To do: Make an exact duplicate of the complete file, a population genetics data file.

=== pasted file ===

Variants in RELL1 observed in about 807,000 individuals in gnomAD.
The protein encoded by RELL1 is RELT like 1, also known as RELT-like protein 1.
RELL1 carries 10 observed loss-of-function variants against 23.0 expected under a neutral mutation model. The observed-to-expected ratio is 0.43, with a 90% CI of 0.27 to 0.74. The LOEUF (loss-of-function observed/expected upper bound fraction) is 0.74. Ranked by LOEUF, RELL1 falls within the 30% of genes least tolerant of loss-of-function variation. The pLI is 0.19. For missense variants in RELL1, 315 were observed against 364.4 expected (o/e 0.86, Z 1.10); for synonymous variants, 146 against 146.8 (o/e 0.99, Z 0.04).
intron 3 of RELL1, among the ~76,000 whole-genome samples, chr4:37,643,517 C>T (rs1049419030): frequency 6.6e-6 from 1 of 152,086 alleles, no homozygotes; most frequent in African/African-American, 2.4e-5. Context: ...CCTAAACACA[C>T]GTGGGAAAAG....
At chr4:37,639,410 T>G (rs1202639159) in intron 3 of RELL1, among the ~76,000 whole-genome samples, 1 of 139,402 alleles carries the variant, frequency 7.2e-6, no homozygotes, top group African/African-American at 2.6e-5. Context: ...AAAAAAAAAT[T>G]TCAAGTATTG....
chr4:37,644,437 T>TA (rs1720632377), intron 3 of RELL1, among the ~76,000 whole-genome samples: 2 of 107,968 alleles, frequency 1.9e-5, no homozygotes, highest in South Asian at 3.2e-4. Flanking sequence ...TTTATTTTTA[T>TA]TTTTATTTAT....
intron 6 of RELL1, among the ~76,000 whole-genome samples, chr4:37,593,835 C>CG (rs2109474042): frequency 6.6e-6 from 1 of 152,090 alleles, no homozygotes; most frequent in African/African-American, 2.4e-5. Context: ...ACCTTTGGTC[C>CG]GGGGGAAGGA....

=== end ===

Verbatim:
Variants in RELL1 observed in about 807,000 individuals in gnomAD.
The protein encoded by RELL1 is RELT like 1, also known as RELT-like protein 1.
RELL1 carries 10 observed loss-of-function variants against 23.0 expected under a neutral mutation model. The observed-to-expected ratio is 0.43, with a 90% CI of 0.27 to 0.74. The LOEUF (loss-of-function observed/expected upper bound fraction) is 0.74. Ranked by LOEUF, RELL1 falls within the 30% of genes least tolerant of loss-of-function variation. The pLI is 0.19. For missense variants in RELL1, 315 were observed against 364.4 expected (o/e 0.86, Z 1.10); for synonymous variants, 146 against 146.8 (o/e 0.99, Z 0.04).
intron 3 of RELL1, among the ~76,000 whole-genome samples, chr4:37,643,517 C>T (rs1049419030): frequency 6.6e-6 from 1 of 152,086 alleles, no homozygotes; most frequent in African/African-American, 2.4e-5. Context: ...CCTAAACACA[C>T]GTGGGAAAAG....
At chr4:37,639,410 T>G (rs1202639159) in intron 3 of RELL1, among the ~76,000 whole-genome samples, 1 of 139,402 alleles carries the variant, frequency 7.2e-6, no homozygotes, top group African/African-American at 2.6e-5. Context: ...AAAAAAAAAT[T>G]TCAAGTATTG....
chr4:37,644,437 T>TA (rs1720632377), intron 3 of RELL1, among the ~76,000 whole-genome samples: 2 of 107,968 alleles, frequency 1.9e-5, no homozygotes, highest in South Asian at 3.2e-4. Flanking sequence ...TTTATTTTTA[T>TA]TTTTATTTAT....
intron 6 of RELL1, among the ~76,000 whole-genome samples, chr4:37,593,835 C>CG (rs2109474042): frequency 6.6e-6 from 1 of 152,090 alleles, no homozygotes; most frequent in African/African-American, 2.4e-5. Context: ...ACCTTTGGTC[C>CG]GGGGGAAGGA....